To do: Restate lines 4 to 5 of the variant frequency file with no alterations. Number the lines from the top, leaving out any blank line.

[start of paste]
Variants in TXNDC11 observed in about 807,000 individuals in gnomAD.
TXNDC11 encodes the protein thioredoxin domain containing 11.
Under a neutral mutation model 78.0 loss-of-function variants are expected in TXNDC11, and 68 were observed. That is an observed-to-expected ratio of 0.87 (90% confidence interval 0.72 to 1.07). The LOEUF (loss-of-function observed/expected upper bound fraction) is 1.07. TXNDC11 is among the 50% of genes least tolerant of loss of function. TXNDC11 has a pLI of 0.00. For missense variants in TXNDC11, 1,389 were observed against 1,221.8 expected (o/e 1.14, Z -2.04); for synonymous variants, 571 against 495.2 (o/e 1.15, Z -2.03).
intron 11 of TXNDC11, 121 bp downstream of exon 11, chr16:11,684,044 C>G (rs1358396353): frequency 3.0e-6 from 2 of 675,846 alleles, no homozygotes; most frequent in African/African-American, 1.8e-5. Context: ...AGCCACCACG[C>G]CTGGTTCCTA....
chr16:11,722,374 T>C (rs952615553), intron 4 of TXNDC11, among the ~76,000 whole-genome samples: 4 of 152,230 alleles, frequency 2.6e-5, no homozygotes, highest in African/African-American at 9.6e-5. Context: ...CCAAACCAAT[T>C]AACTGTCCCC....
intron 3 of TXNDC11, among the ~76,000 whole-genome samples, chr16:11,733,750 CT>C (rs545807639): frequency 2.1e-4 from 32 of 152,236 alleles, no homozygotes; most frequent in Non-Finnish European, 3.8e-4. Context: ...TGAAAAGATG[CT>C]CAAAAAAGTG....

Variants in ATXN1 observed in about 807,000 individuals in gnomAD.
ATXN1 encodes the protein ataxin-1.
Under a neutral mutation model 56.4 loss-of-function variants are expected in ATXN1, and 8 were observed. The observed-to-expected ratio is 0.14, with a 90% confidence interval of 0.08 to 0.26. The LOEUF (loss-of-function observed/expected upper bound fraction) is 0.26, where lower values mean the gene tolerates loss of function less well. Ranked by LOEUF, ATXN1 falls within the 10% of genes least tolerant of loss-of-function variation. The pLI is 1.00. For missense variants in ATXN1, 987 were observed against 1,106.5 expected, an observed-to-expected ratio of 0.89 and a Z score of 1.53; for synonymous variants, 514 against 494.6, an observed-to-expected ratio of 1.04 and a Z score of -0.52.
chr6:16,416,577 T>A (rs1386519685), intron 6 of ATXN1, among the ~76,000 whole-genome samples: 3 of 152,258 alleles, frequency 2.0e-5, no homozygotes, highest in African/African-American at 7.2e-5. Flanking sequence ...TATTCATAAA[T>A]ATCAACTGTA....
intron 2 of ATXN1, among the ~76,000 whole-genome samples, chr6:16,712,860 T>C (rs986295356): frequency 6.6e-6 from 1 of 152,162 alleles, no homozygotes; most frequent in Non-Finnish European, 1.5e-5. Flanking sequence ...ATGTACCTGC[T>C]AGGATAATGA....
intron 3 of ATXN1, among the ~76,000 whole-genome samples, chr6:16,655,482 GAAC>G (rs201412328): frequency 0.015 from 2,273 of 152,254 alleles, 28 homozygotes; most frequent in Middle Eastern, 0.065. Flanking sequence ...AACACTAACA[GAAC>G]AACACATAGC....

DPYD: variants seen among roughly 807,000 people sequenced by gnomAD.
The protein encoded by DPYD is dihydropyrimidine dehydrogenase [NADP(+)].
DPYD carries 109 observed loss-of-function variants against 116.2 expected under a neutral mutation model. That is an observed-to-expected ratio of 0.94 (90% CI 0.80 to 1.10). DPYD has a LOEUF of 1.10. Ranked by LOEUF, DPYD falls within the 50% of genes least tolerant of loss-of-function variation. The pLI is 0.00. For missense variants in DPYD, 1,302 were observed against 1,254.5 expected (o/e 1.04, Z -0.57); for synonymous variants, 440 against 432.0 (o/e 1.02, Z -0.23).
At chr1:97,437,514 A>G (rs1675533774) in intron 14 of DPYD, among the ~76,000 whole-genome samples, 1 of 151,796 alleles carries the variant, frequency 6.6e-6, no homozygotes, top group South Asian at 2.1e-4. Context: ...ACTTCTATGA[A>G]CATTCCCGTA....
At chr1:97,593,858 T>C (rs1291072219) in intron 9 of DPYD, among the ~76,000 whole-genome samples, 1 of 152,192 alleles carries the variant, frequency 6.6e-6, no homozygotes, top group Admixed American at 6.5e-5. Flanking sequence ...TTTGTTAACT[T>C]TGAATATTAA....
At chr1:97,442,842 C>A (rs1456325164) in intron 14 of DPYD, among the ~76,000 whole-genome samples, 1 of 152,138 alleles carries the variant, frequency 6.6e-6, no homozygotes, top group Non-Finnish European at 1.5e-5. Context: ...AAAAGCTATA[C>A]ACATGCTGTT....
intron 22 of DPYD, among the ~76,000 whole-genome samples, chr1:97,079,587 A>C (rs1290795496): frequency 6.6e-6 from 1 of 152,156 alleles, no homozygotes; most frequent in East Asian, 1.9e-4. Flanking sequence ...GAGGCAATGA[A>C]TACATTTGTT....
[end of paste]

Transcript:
intron 11 of TXNDC11, 121 bp downstream of exon 11, chr16:11,684,044 C>G (rs1358396353): frequency 3.0e-6 from 2 of 675,846 alleles, no homozygotes; most frequent in African/African-American, 1.8e-5. Context: ...AGCCACCACG[C>G]CTGGTTCCTA....
chr16:11,722,374 T>C (rs952615553), intron 4 of TXNDC11, among the ~76,000 whole-genome samples: 4 of 152,230 alleles, frequency 2.6e-5, no homozygotes, highest in African/African-American at 9.6e-5. Context: ...CCAAACCAAT[T>C]AACTGTCCCC....